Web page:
This is an archived article that was published on sltrib.com in 2014, and information in the article may be outdated. It is provided only for personal research purposes and may not be reprinted.
Before getting into this week's new movies, The Cricket urges everyone to read the Tribune's Summer Movie Preview which covers 79 titles opening from May to August.
One reason to read about the summer movies is that this week's Hollywood releases are pretty awful.
The worst is "The Other Woman," a shrill and scattershot comedy starring Cameron Diaz as a lawyer who finds out her new financier boyfriend (Nicolaj Coster-Waldau) is actually married and she starts bonding with the wife (Leslie Mann), as well as another girlfriend (supermodel Kate Upton). Director Nick Cassavetes ("The Notebook") can't settle on a consistent comic tone, or even whether this movie belongs to Diaz or Mann. Better choose Mann, who is consistently good throughout and deserves much better.
Paul Walker deserves better in one of his last roles, in the incoherent action thriller "Brick Mansions." Walker plays an undercover Detroit cop who teams up with a street thief (French star David Belle) to infiltrate the HQ of a drug lord (RZA). The movie is scripted by Luc Besson, and a remake of an insane French movie, "District B13," in which Belle starred. Belle's a master of parkour, the building-jumping martial-arts discipline, and he dodges and weaves quite creatively which would look better if director Camille Delamarre wouldn't cut the action so frenetically.
Two more studio movies this week, without benefit of critics' screenings: The horror-thriller "The Quiet Ones," and the World War II drama "Walking With the Enemy."
The good stuff this weekend is at the art houses.
Best of the bunch is "Jodorowsky's Dune," a fun and eye-opening look at what some people call the greatest movie never made: Surrealist director Alejandro Jodorowsky's adaptation of Frank Herbert's trippy science-fiction classic. Jodorowsky, now 85, enthusiastically describes how he put together a team of "spiritual warriors" to make his movie until it ran into Hollywood's executives. This documentary is a delightful look at creativity in the face of failure.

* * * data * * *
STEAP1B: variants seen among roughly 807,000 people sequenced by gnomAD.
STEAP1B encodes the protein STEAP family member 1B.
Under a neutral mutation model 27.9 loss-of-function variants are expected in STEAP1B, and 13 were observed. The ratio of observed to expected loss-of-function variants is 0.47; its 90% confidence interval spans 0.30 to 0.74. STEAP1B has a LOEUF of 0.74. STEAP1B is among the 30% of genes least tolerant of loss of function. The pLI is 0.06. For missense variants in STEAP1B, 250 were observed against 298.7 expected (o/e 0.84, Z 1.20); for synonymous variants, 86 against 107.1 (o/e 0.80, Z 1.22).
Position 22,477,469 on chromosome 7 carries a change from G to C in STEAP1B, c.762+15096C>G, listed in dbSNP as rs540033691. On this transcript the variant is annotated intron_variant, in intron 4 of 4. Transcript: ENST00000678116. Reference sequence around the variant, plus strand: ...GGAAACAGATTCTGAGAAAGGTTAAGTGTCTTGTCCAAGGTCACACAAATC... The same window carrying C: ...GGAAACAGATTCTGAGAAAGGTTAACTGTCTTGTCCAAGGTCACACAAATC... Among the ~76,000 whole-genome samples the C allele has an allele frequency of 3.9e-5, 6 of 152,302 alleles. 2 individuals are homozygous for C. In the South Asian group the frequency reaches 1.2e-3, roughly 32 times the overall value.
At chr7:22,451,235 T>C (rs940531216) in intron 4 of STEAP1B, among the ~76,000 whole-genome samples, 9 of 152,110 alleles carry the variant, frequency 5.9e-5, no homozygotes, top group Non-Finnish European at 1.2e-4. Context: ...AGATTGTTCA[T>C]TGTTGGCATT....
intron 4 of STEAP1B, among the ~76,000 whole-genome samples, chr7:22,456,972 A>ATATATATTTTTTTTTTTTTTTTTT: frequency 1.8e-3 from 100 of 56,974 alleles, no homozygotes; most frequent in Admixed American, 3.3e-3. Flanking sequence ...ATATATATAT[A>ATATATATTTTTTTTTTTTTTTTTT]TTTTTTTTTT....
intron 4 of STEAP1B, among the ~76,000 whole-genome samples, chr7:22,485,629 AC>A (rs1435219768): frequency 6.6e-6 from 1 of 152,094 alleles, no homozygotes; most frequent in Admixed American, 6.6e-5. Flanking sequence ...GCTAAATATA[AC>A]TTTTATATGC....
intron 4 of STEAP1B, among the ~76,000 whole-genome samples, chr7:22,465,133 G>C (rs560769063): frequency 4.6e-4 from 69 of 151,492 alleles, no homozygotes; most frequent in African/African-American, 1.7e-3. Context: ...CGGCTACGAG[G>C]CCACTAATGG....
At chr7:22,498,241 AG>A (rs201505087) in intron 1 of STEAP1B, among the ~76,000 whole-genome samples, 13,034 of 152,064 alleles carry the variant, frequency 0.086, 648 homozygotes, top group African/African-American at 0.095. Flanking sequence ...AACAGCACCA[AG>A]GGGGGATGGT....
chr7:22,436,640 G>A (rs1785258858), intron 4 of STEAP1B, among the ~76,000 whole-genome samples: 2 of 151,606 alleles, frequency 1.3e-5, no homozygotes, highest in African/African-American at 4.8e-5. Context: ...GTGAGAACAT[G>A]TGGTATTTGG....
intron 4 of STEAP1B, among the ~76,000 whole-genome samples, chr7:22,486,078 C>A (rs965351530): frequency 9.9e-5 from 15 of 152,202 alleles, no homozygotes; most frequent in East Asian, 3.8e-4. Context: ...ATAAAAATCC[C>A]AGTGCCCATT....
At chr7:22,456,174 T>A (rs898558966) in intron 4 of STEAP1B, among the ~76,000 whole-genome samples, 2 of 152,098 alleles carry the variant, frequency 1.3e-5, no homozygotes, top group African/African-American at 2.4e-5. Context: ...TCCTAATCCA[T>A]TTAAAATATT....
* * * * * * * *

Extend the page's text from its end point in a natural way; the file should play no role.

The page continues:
Also really good is "Joe," which reminds us what Nicolas Cage can do with a good character in a good movie. Cage plays the title character, an ex-convict trying to stay straight, who must decide whether to get involved when he meets a 15-year-old teen (Tye Sheridan) who's being battered by his alcoholic father (Gary Poulter). Director David Gordon Green creates a nicely observed look at hardscrabble people in rural Texas, and gives Cage room to give one of the best performances of his career.
Lastly, there's "The Railway Man," an absorbing drama that boasts a powerful performance by Colin Firth, as a former British Army signalman who was tortured in a World War II Japanese prison camp and must confront the possibility of taking out revenge, decades later, on the Japanese officer (Hiroyuki Sanada) who oversaw his mistreatment. The movie is genteel in its early romance, as Firth's character meets a kindly nurse (Nicole Kidman), and harrowing in its wartime scenes (with "War Horse's" Jeremy Irvine as Firth's character as a young man)>